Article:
Today’s daf (Brachot 53b) makes reference to what I believe is one of Chazal’s most exquisite metaphors describing the collective spiritual identity of Am Yisrael, but to truly understand the metaphor we must take a step back, review some earlier discussions, and consider the difference between an individual Jew, a group of Jews, and a national collective spiritual identity.
A key question throughout Rabbinic literature – and especially in Massechet Brachot – is the relationship between the individual Jew and a community of Jews. This is expressed in many ways, but the most simplest example of it is whether, when three people form a zimun, is this just a gathering of individuals, or has a group larger than the sum of its parts been created?
Significantly, this question is – at least as understood by the Rogachover Gaon – the basis for the disagreement between Rabbi Akiva and Rabbi Yossi HaGalili as discussed in Brachot 49b.
According to Rav Yossi, when a group comes together, each individual retains their individuality. What this means is that since a group of a hundred people is numerically larger than a group of ten, ‘they recite the blessing in accordance with the size of the group’. Opposing this position is that of Rabbi Akiva who asserts that once ten people come together they form a singular spiritual individuality which itself is not measured by the quantity of its members, but rather, by its wholeness as a unit. As such, ‘whether there are many or there are few, the leader says the same zimun blessing’.
However, while debates such as this exist about small temporal groups formed by people, there is a further group, not a mere temporal group but instead a spiritual group; a group not constructed by people but, instead, constructed by God, about which no debate exists – namely ‘Knesset Yisrael’.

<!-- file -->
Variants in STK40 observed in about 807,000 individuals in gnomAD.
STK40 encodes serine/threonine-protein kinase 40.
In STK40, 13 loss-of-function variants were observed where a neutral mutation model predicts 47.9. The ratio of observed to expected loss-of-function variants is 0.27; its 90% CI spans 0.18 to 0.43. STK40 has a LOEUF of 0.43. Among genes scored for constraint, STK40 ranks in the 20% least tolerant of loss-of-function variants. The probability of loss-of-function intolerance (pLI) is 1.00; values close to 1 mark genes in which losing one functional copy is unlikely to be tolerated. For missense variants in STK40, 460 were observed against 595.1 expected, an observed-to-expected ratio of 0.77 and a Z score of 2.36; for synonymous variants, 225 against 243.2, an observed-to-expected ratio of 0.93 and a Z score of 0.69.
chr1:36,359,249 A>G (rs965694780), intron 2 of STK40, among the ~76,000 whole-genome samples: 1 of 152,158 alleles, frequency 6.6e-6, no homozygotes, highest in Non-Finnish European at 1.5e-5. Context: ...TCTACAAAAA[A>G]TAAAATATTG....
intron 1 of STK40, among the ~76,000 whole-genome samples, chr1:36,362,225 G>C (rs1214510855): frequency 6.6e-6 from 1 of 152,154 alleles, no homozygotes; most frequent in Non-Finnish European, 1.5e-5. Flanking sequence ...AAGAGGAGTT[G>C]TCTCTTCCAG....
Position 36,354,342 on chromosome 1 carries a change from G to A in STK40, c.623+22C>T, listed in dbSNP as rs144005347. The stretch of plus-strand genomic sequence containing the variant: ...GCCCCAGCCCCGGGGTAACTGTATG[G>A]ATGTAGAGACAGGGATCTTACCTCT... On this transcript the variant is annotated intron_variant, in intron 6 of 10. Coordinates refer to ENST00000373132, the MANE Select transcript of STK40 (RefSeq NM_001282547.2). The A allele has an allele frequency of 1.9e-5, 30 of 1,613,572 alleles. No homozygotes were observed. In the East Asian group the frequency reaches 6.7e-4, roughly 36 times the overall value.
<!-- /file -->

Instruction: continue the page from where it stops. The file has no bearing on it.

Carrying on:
Knesset Yisrael is the term used to describe the mystical entity of Am Yisrael. As Rav Soloveitchik explains (in his essay ‘The Community’), “[It] is not just an assembly of people who work together for their mutual benefit, but a metaphysical entity, an individuality; I might say, a living whole. In particular, Judaism has stressed the wholeness and the unity of Knesset Israel, the Jewish community…[it] is not a conglomerate. [Instead], it is an autonomous entity, endowed with a life of its own.” Moreover, he explains further (in ‘On Repentance’) that, “the Jew who believes in Knesset Israel is a Jew who binds himself with unseverable bonds not only to the people of Israel of his own generation but to the community of Israel throughout the ages. How so? Through the Torah which embodies the spirit and the destiny of Israel from generation to generation unto eternity.”
Having explained all this we can return to our daf (Brachot 53b) which compares Knesset Yisrael to a dove. And why a dove? According to the Maharsha, this is because doves only have one partner, just as Knesset Yisrael is a loyal wife to Hashem.
But then the Gemara adds that just as a dove protects itself with its wings so too Knesset Yisrael – the mystical entity of Am Yisrael – is protected by its commandments which lifts towards higher spiritual planes. Though this has been explained differently by different commentaries, what I learn from this is that each time we – as individuals – perform learn Torah and perform good deeds, we not only strengthen ourselves as individuals to reach higher spiritual levels, but we also strengthen the wings of the collective spiritual entity known as Knesset Yisrael and thereby enable Am Yisrael – our living whole as a people – to soar higher.